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E-cigarettes as good as patches in helping smokers quit

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(Joe Raedle / Getty Images) (Joe Raedle / Getty Images)

Courtesy NBC News

Electronic cigarettes work about as well as nicotine patches in helping smokers kick the habit, researchers report. And e-cigarettes helped people smoke fewer cigarettes overall, even if they didn't quit completely.

The study is the first major piece of research to show that the products, which deliver a nicotine mist using a cigarette-shaped pipe, can actually benefit smokers.

The findings, published in the Lancet medical journal, are not quite enough to make public health experts embrace e-cigarettes, which are not yet regulated and which are growing in popularity. But it's enough to make them look more closely at whether there may be some benefit to them.

"You're trading one addiction for another addiction," Dr. Cheryl Healton, president and CEO of the anti-tobacco Legacy Foundation, told NBC News. "(But) it may be that for some people, this will be a better way to quit, and there may be people who've tried other things and haven't been able to quit who will quit with this."

For the study, Chris Bullen of the University of Auckland in New Zealand and colleagues recruited 657 smokers who wanted to quit. They divided them into three groups, to get either 13 weeks' supply of e-cigarettes, nicotine patches or placebo e-cigarettes that contained no nicotine.

After six months, 5.7 percent of the volunteers had managed to completely quit smoking. It was slightly more in the e-cigarette group, but not in a way that was statistically significant, Bullen reported.

It's very difficult to quit smoking, but the e-cigarettes also appeared to have helped people cut back on real tobacco. Bullen's team found that 57 percent of volunteers given real e-cigarettes were smoking half as many cigarettes a day as before, compared to 41 percent of those who got patches.

"While our results don't show any clear-cut differences between e-cigarettes and patches in terms of quit success after six months, it certainly seems that e-cigarettes were more effective in helping smokers who didn't quit to cut down," Bullen said in a statement.

"It's also interesting that the people who took part in our study seemed to be much more enthusiastic about e-cigarettes than patches, as evidenced by the far greater proportion of people in both of the e-cigarette groups who said they'd recommend them to family or friends, compared to patches."

Healton said that was a provocative finding. "It does also suggest consumer acceptability of the product is higher," she said.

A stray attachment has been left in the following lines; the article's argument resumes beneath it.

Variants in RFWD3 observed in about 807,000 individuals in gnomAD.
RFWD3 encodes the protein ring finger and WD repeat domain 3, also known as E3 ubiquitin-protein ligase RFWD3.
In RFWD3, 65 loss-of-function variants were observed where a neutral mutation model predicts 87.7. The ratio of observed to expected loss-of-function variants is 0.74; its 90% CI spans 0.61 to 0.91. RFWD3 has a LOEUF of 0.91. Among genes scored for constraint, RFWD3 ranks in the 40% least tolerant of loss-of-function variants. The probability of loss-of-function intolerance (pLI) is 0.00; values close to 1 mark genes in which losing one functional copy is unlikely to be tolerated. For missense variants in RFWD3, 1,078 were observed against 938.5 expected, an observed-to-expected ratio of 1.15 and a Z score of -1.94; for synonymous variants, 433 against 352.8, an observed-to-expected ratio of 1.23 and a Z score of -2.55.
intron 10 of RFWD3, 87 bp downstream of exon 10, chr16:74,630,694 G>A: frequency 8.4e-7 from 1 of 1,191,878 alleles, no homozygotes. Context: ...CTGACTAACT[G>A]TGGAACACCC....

U.S. health officials are very concerned about the rise in popularity of e-cigarettes. The Centers for Disease Control and Prevention and Food and Drug Administration released a report on Thursday showing a doubling in the number of high school students who have tried them, to 10 percent.

More than 21 percent of adults have tried them at least once, but the CDC says they are addictive and may themselves be dangerous.

"We don't know much about them," says Dr. Tim McAfee, director of the CDC Office on Smoking and Health. But he says they could potentially be useful if tobacco companies would stop making products like cigarettes and make e-cigarettes instead – and if those e-cigarettes did indeed turn out to be less harmful than conventional cigarettes.

"Our nirvana is a world where nobody is dying from death and disease caused by tobacco," McAfee told NBC News. "If you have a product that doesn't kill people, that is where the money should be going, that is where the promotion, the marketing should be going."

They are pricey - an e-cigarette product ranges from $10 to $120, depending on how many charges it provides. And there are dozens, if not hundreds, of brands. FDA says some appear to contain carcinogens, and there is some evidence that nicotine is not only addictive, but may itself damage health.

"They could have inherent dangers that are greater than using something like gum or the patch," Healton said.

CDC says tobacco is the leading preventable cause of dis­ease, dis­ability, and death in the United States, killing 443,000 people a year. 

Public health experts are desperate for ways to help people quit smoking, but it is hard. The American Cancer Society says only 4 percent to 7 percent of people manage to quiton any single given try. Drugs such as Chantix or Zyban can raise this rate to 25 percent.

There's also counseling, nicotine gum and patches, hypnosis and acupuncture, and companies are working on anti-nicotine vaccines.

Erika Edwards contributed to this report.

Read on NBC News

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